Though Voron’s original vision was to sell previously-loved goods, and the large majority of merchandise in Piece Revival still falls into that category, Voron, in anticipation of her first holiday season, began adding “small items made sustainably with an eye for pieces produced by small companies” in the fall of 2023. 

Her whimsical, even racy, hand-shaped candles (forming peace signs, rock and roll, and the always-popular lifted middle finger) were a hit. They sold out within days, and she’s reordered them four times. Voron says this new element paved the way for more novel artisan items, such as hostess gifts, jewelry and unique greeting cards. 

“I’m excited to continue evolving,” she explains. “I let my customers guide me.”

Part of this evolution involves sourcing new items by traveling to new towns. Beginning this spring, she plans to make her way across the country, and she’s even considering an international trip to India, Indonesia and Turkey in search of the “unusual.”

Voron’s energy, vitality and “can do” outlook on life are what she says keep her looking forward and dreaming big. But that positive attitude wasn’t something she was necessarily born with. It’s the result of overcoming two health challenges that began during her most impressionable years.

“I developed alopecia at the age of 16, which was, of course, very challenging,” she explains. “But I had so much support that it helped me gain confidence as an individual. That, and a recent struggle with ulcerative colitis for which I had surgery, made me feel like I can do anything.”

It literally takes a village

But what really makes her store special, according to Voron, is the community. Yellow Monkey Village features the community’s original barnwood buildings, which now house an array of small shops, yoga studios and a cafe with owners who make the entire experience feel, well, perfect

“It is a community,” says Voron. “It’s a place where people come to shop and enjoy the laid back country atmosphere. We shopkeepers, especially Nicole from This and That Vintage and Jen from O2 Living, are dear friends; we do events together and co-advertise. And this spring and summer, we will have lots of events on the lawn and specials in our shops.”

And, of course, Voron’s family plays a role in her success. 

Voron and her husband Mike, also an entrepreneur, have two children, ages eight and 11, and they’ve been part of the business since the beginning, along with their black labradoodle Millie, who often “helps out” by curling up on a rug in the shop.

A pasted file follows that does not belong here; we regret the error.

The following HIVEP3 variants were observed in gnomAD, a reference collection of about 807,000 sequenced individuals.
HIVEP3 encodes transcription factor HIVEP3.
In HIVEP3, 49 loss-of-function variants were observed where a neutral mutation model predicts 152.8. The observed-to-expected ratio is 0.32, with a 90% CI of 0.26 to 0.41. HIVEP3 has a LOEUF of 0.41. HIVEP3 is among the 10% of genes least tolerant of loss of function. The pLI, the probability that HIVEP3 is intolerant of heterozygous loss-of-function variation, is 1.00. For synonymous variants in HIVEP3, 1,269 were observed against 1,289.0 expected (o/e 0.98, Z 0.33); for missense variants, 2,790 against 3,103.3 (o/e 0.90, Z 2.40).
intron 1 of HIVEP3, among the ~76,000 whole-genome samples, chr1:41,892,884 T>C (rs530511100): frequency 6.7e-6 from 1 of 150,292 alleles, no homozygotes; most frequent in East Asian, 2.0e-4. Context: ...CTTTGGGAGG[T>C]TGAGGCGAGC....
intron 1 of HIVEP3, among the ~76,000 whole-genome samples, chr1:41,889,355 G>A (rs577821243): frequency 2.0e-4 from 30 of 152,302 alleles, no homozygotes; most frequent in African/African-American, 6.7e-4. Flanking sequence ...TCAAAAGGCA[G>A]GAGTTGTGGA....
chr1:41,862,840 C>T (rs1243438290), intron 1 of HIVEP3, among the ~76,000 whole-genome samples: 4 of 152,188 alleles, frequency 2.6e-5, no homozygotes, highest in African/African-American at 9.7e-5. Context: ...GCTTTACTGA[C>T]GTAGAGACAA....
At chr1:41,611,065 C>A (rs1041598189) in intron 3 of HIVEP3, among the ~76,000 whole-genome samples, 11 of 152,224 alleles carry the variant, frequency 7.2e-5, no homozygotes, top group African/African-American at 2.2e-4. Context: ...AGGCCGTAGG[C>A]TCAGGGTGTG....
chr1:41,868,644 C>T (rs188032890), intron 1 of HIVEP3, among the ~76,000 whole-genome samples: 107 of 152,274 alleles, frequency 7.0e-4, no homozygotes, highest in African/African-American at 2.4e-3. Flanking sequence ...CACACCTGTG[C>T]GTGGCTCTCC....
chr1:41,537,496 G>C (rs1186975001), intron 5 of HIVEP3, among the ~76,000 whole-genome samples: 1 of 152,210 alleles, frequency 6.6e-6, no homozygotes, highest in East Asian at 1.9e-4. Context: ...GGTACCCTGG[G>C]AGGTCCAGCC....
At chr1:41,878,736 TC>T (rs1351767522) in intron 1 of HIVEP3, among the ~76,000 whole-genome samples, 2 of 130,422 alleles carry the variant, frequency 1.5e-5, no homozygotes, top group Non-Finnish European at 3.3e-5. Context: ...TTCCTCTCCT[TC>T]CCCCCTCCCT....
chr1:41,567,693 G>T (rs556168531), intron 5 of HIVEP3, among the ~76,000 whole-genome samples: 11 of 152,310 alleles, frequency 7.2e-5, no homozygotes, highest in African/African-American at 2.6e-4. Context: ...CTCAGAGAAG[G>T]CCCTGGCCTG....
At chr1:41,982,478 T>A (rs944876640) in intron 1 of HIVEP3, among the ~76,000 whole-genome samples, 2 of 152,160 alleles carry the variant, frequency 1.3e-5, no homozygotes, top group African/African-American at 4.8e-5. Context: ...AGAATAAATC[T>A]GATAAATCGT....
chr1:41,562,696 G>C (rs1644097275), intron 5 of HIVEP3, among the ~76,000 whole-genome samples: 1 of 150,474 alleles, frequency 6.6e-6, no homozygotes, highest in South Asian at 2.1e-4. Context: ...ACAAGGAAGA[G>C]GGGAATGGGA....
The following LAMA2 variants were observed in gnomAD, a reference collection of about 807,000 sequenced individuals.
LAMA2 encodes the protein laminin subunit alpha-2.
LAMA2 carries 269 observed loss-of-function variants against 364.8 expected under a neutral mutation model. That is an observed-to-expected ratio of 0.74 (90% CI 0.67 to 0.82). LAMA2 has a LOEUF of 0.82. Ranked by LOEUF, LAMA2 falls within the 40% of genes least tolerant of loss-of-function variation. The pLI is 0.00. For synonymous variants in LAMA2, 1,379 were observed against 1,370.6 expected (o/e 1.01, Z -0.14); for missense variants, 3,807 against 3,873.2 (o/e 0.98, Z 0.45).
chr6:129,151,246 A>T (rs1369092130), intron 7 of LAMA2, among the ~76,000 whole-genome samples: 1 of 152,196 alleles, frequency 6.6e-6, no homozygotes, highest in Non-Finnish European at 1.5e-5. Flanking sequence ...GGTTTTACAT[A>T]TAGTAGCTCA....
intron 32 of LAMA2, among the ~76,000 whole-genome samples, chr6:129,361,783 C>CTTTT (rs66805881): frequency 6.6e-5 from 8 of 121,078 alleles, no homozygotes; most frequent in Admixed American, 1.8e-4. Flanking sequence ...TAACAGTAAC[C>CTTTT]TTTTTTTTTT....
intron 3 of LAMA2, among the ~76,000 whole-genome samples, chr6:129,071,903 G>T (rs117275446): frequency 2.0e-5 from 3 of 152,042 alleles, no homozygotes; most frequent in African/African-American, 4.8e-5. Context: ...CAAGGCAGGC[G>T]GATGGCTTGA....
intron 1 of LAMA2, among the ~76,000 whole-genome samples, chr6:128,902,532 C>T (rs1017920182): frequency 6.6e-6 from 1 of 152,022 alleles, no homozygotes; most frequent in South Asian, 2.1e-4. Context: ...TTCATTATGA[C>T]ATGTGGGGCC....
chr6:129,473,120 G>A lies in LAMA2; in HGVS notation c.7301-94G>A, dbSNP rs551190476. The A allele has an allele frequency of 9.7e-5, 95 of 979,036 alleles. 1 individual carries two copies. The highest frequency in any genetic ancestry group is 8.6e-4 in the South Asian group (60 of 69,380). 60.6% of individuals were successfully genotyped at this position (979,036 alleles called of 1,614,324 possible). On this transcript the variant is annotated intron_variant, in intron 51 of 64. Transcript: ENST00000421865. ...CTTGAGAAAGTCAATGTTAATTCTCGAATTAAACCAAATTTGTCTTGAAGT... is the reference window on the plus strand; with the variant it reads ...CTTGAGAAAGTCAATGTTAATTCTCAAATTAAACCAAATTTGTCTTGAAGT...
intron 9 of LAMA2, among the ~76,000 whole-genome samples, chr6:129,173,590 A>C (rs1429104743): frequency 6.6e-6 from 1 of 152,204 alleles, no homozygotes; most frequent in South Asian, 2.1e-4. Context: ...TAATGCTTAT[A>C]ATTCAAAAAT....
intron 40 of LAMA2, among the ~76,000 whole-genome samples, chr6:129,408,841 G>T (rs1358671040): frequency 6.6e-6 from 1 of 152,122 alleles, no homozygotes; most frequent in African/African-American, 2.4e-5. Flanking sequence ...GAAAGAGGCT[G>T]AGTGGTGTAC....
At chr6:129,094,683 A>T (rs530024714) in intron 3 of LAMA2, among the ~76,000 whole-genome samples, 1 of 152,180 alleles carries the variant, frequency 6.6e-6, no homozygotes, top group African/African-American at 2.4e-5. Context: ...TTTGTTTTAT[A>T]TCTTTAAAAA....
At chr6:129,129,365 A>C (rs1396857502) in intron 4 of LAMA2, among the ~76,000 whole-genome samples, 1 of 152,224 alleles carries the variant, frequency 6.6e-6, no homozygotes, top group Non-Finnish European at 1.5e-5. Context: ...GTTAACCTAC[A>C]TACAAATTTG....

“I didn’t want my kids to feel left out,” she explains. ”So they helped paint the garage, and now they help with displays in the shop. My daughter makes macrame beaded bracelets for kids and has a little display in the shop. I want them to know that with hard work, they too can do anything, overcome challenges, and follow their dreams.” 

“It’s hard sometimes,” she continues. “I often feel like I am not giving enough to them and the shop, which feels like a third child to me. But I think we’re finally finding a good balance.”

Follow your heart

What Voron loves most about her new gig is the items themselves.  

“There’s a sense of history in each item, whether it has lived many lives in different homes or it’s new to its first home,” she says. “I love connecting with the customers and telling them about the item, if I know its age or where it came from. Sometimes, it breaks my heart to see items go because I fall in love with all of them.”

This article was published in the March/April 2024 print edition of Connect to Northern Westchester.

Cathy Deutsch
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Cathy Deutsch is a resident of South Salem and a former local shopkeeper in Katonah and Mount Kisco. She previously wrote a restaurant column for The Country Shopper and is currently a contributor to several local publications. Additionally, Cathy’s personal essays have been published on noted on-line platforms including Dorothy Parker’s Ashes. “Writing has always been my passion, and I’m very excited to be writing for Connect to Northern Westchester,'' she says.